Contemporary Approaches to Psychology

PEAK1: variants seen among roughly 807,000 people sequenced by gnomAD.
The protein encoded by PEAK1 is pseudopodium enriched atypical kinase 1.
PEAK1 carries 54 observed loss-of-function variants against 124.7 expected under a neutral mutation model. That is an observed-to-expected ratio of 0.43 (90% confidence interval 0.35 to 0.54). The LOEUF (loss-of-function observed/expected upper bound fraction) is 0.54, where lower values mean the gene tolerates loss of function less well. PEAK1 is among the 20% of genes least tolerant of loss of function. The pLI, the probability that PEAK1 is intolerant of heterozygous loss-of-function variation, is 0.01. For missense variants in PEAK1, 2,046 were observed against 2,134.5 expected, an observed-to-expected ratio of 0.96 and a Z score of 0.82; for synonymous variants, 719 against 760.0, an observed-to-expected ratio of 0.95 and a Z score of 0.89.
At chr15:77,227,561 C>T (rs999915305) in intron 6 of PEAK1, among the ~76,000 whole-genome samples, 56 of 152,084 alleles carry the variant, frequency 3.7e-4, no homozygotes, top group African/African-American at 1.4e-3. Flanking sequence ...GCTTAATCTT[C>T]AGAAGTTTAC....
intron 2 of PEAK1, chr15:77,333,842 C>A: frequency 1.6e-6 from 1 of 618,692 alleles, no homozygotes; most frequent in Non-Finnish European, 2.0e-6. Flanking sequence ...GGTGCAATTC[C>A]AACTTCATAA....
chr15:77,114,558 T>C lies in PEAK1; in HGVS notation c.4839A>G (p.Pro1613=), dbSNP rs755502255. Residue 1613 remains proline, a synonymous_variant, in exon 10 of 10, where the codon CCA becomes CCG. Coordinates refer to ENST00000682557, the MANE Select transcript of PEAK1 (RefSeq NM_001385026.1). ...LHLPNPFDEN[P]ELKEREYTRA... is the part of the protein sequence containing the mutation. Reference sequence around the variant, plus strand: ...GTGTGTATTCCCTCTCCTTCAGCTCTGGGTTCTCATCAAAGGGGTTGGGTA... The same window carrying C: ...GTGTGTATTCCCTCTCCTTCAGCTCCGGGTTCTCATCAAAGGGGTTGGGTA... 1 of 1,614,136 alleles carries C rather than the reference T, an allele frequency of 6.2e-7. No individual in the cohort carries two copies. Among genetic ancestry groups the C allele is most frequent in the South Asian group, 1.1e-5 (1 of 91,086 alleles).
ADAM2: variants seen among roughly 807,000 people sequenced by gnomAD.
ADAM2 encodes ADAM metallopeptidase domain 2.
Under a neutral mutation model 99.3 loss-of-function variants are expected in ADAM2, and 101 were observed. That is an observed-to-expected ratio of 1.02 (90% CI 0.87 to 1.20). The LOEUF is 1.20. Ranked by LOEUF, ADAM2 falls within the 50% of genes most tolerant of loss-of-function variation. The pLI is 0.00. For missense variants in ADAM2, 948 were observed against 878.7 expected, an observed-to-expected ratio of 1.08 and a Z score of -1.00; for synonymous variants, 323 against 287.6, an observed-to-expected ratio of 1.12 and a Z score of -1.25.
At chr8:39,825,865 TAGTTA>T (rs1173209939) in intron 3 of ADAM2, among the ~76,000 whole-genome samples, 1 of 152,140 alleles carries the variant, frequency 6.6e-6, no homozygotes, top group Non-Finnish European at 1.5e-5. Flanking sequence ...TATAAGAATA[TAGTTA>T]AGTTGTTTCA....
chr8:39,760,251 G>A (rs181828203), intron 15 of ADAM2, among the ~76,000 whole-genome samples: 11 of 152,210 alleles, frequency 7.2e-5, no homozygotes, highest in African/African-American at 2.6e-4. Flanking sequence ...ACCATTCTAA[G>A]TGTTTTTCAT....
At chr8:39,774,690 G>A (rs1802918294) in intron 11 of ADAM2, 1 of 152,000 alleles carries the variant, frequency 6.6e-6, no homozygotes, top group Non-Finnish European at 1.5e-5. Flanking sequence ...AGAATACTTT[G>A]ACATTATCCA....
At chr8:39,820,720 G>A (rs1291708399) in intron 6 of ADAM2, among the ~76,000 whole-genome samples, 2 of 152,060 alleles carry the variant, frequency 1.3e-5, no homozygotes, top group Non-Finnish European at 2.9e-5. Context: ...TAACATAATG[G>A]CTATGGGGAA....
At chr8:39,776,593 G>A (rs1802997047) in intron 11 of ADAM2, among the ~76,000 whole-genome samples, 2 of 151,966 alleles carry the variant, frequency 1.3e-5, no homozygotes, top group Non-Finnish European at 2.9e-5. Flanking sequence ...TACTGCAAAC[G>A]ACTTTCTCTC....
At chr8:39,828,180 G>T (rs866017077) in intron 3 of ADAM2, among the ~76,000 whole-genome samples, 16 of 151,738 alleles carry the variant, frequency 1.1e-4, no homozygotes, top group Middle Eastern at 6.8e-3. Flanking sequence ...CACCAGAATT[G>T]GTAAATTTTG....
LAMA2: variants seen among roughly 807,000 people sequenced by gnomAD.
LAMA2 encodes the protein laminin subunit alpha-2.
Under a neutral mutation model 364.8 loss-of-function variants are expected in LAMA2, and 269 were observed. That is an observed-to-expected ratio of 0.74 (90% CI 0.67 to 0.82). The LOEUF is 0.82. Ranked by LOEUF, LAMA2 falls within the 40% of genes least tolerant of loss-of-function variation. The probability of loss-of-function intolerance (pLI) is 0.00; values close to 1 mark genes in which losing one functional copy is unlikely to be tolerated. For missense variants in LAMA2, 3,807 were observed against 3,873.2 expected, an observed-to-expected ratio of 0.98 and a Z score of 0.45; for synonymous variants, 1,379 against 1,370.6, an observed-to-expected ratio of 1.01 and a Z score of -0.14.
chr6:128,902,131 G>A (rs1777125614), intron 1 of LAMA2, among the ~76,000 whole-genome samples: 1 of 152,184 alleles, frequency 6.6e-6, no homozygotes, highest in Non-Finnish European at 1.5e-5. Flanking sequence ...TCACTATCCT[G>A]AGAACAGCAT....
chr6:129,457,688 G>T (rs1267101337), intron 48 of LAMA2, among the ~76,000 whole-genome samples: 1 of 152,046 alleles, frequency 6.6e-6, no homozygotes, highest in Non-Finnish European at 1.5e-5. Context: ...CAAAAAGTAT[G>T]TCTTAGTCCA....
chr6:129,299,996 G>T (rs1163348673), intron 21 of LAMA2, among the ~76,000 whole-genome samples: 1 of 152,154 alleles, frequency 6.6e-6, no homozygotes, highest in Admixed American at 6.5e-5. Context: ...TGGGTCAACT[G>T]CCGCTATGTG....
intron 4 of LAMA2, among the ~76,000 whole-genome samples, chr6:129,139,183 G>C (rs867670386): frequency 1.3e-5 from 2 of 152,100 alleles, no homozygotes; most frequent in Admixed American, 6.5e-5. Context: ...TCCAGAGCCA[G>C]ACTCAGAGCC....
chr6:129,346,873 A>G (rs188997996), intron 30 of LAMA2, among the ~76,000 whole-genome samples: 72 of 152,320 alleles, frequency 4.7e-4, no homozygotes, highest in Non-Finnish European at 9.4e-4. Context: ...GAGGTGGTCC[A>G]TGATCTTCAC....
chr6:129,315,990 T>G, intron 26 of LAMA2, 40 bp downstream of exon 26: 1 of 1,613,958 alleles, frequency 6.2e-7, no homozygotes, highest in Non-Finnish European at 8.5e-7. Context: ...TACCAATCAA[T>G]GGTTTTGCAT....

The Latin prefix “psych” is translated into “mind or soul”. The suffix “ology” means the “study of”. Therefore, the study of behavior and mental processes is known as psychology. This field of study deals with animal and human behavior to the environment to which they are exposed. The purpose of psychologists studying the behavior of their “subjects”, or the people or animals being observed or tested, is to find four main things. These goals are to describe, explain, predict, and/or influence the subject’s behavior. Contemporary psychologists go about their research with six main methods of study. These contemporary methods of study are Psychoanalytic Psychology, Behavioral Psychology, Humanistic Psychology, Cognitive Psychology, Biological Psychology, and Sociocultural Psychology. Psychoanalytic research is focuses on the unconscious part of the mind. Studying the unconscious side of the mind can help psychologists understand the primitive, instinctual urges. These urges are done without the subject realizing they are being fulfilled. A technique called free association was practiced by Sigmund Freud. This practice was used to examine the subject’s unconscious mind. This method consisted of the subject simply stating everything that he/she thought, no matter how random it might be. Freud would then take notes on all of the unsystematic statements. He would use these notes to come up conclusions about his patients. Some concerns with this type of study are that the patients’ thoughts are all random. It takes a lot of work and processing to comprehend these comments made by patients; however, when done correctly, one can understand the unconscious mind. Another contemporary approach to psychology is behavioral. Behavioral psychology is studying the way a subject changes its approach to a situation based on the stimuli it is exposed to in its environment. Psychologists who study this way are known as Behavioralist. They...
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